Editor Dan Evans

Editor Dan Evans

John Drayman, convicted liar and thief, got away with it one more time. The man who should be spending — minimum — a decade in prison for his misdeeds received the sentence of a year in county jail.

Worse, he’ll likely serve only a fraction of it. And the $305,000 in restitution? Ha. The man is not only morally bankrupt, but almost certainly financially as well.

I don’t blame Judge Stephen Marcus for accepting the plea. After all, he had previously rejected two offensively light sentences: the first that included no jail time, and a second that involved a paltry 90 days in the gray-bar hotel. I don’t blame Drayman’s attorney, who clearly fought hard for his client.

The fault lies with the prosecution alone. For some unknown reason, the district attorney’s office felt weak-kneed about their chances despite a Sequoia-sized mountain of paper damning the former councilman and mayor. For the love of all that’s holy, there was documentation that seemed to tie him to the theft of nearly a million dollars!

Imagine what would have happened if he had been caught with $1 million worth of cocaine? Or knockoff Coach handbags? Or even stolen dog food? He would have been sent to one of those grim correctional facilities in the Central Valley for the rest of his days on this earth.

Steal from a pony ride, though, and you get a kiddie punishment.

It’s time we in this country hold dishonest bankers, stockbrokers and politicians to the same standards we hold other criminals. Until we get our priorities straight, we will continue to choke down miscarriages of justice like this.

Drayman did not commit overt acts of violence, true. But his actions were more than a betrayal of his friends, his neighborhood and his city. He bludgeoned, beyond repair in some cases, the reputation of City Hall, making it harder for honest workers to do their jobs.

He attempted to throttle the reputations of anyone or any business that failed to stick to his script of half-truths, prevarications and outright falsehoods. Case in point: the Glendale News-Press.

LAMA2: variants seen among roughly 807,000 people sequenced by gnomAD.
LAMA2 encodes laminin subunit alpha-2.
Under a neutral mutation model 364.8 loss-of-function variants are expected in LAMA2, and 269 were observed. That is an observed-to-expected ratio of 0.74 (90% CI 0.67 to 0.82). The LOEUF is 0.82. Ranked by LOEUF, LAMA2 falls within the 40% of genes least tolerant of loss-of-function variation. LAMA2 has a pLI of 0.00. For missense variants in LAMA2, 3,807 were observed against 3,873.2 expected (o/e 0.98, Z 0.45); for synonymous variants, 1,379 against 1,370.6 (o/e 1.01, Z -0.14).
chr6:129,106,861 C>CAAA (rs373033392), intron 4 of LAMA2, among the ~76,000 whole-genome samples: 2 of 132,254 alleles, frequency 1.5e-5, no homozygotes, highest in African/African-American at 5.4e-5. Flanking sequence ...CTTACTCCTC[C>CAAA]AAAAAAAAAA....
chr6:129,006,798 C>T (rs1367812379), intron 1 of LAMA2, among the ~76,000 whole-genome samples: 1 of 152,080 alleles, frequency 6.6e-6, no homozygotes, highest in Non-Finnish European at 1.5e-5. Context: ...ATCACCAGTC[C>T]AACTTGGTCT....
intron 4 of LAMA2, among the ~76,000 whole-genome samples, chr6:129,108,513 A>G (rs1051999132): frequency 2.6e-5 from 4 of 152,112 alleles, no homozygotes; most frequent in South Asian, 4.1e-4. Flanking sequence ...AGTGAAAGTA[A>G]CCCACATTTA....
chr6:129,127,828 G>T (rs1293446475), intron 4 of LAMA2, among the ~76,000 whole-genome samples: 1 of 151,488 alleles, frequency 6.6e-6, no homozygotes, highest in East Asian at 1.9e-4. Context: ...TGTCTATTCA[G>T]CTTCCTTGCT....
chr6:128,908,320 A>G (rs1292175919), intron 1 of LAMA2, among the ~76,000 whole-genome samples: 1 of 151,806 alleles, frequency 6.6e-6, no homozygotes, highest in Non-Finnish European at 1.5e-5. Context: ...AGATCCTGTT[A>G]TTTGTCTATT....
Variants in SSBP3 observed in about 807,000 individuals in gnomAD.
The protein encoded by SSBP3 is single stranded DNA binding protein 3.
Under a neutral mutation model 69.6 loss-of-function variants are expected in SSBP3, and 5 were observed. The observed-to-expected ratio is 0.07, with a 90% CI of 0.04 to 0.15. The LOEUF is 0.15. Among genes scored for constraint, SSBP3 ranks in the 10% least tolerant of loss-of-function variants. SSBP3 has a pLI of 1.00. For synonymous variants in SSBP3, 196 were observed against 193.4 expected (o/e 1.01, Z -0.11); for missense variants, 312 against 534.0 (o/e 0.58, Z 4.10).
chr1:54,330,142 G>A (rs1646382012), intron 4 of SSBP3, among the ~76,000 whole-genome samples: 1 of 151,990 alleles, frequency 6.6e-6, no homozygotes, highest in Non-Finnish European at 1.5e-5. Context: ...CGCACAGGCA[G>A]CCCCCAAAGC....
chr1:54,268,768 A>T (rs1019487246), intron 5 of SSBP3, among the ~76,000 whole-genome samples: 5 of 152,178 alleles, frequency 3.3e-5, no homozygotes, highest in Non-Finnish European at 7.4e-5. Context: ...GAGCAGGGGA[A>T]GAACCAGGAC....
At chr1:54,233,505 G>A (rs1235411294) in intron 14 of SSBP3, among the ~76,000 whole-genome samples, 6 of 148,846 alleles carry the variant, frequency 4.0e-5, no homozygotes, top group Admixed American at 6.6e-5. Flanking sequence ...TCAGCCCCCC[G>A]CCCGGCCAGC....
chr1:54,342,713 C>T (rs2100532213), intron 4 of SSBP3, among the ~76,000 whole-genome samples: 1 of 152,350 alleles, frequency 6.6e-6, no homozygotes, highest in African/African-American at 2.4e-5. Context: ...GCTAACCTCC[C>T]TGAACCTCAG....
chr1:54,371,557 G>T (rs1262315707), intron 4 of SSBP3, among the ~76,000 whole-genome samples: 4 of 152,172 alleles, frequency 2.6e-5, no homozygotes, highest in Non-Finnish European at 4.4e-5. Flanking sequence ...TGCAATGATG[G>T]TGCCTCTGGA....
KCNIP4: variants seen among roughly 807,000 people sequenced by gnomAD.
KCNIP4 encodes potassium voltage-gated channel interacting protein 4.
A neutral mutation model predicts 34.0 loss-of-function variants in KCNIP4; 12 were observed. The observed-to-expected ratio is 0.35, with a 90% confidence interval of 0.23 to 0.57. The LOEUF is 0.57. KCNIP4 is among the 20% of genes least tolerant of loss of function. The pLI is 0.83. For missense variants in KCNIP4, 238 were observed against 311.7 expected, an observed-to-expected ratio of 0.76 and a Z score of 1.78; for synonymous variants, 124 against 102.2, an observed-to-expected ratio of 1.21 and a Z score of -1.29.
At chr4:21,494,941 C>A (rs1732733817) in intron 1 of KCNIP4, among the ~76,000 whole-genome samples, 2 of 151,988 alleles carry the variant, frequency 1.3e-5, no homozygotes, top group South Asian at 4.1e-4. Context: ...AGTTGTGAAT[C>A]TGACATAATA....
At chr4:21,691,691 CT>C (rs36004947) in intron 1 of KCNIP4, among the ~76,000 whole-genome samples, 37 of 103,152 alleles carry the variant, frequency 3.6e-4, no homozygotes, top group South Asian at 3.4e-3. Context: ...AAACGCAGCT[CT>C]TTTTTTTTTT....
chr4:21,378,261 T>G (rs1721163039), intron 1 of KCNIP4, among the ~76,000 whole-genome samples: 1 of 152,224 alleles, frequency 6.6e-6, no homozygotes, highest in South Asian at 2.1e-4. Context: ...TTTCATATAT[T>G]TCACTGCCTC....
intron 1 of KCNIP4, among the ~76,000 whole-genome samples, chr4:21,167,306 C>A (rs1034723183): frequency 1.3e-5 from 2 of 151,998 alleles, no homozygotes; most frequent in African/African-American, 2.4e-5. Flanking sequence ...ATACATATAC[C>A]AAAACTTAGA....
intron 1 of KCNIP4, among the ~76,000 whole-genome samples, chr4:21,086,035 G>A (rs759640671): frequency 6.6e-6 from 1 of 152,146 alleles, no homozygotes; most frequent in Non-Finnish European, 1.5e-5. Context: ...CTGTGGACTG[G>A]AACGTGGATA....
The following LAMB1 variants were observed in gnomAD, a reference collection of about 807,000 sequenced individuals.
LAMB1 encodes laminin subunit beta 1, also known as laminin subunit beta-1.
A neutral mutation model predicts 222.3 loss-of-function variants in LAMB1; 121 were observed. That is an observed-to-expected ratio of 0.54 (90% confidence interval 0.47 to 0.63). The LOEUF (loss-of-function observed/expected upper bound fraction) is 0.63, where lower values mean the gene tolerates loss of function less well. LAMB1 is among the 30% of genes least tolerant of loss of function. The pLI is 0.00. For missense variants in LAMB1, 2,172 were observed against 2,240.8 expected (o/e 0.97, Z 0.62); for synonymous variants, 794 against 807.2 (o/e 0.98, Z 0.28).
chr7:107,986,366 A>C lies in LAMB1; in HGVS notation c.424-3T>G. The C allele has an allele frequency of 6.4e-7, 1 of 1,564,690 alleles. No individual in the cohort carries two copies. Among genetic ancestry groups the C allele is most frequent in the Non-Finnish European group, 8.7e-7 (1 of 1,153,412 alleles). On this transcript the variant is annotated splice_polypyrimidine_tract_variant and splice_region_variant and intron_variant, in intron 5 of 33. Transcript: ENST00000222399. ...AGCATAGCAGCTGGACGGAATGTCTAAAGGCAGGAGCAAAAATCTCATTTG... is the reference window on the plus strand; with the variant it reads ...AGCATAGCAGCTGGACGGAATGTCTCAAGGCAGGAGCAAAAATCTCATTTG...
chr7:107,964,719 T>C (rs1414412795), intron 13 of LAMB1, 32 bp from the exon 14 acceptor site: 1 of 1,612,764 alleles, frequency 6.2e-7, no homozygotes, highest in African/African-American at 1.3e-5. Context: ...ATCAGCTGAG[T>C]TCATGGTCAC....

My reporters have been vilified and harassed, accused by Drayman and his supporters of bias by those unwilling to look beyond their own. One even took the bizarre and classless step of announcing her resignation as a columnist during a City Council meeting.

Despite all of these allegations, and despite the dozens of stories written about Drayman’s legal issues, no error of any substance has even been shown or proved. We were fair, we were accurate and we were right.

To be honest, this storm of destructive criticism was part of the reason I drew back on coverage of the Crescenta Valley. I felt deeply confused about an area that would attack an honest inquiry, worried that the unvarnished truth was an odor too strong for Montrose’s powers-that-be.

As time went on, though, I began to see it as a dysfunctional relationship, a political Stockholm syndrome, if you will. People in Montrose felt so disempowered by City Hall that they were willing to look beyond Drayman’s flaws, ones that look so very, very clear in hindsight.

I get it. I do. He did his best to get me on his side during a two-hour conversation we had a few years ago on Honolulu Avenue. That conversation, more of a monologue really, was filled with protestations of innocence and complaints that our reporting lacked proper context. I wanted to believe him, but the facts did not match his words.

So here are some words that do match up: John Drayman is a felon. He’s admitted so with his own lips. Though the punishment is light compared to his crimes, it is not empty.

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DAN EVANS is the editor. After John Drayman’s supporters call to cancel their subscriptions en masse, he can be reached at (818) 637-3234 or dan.evans@latimes.com.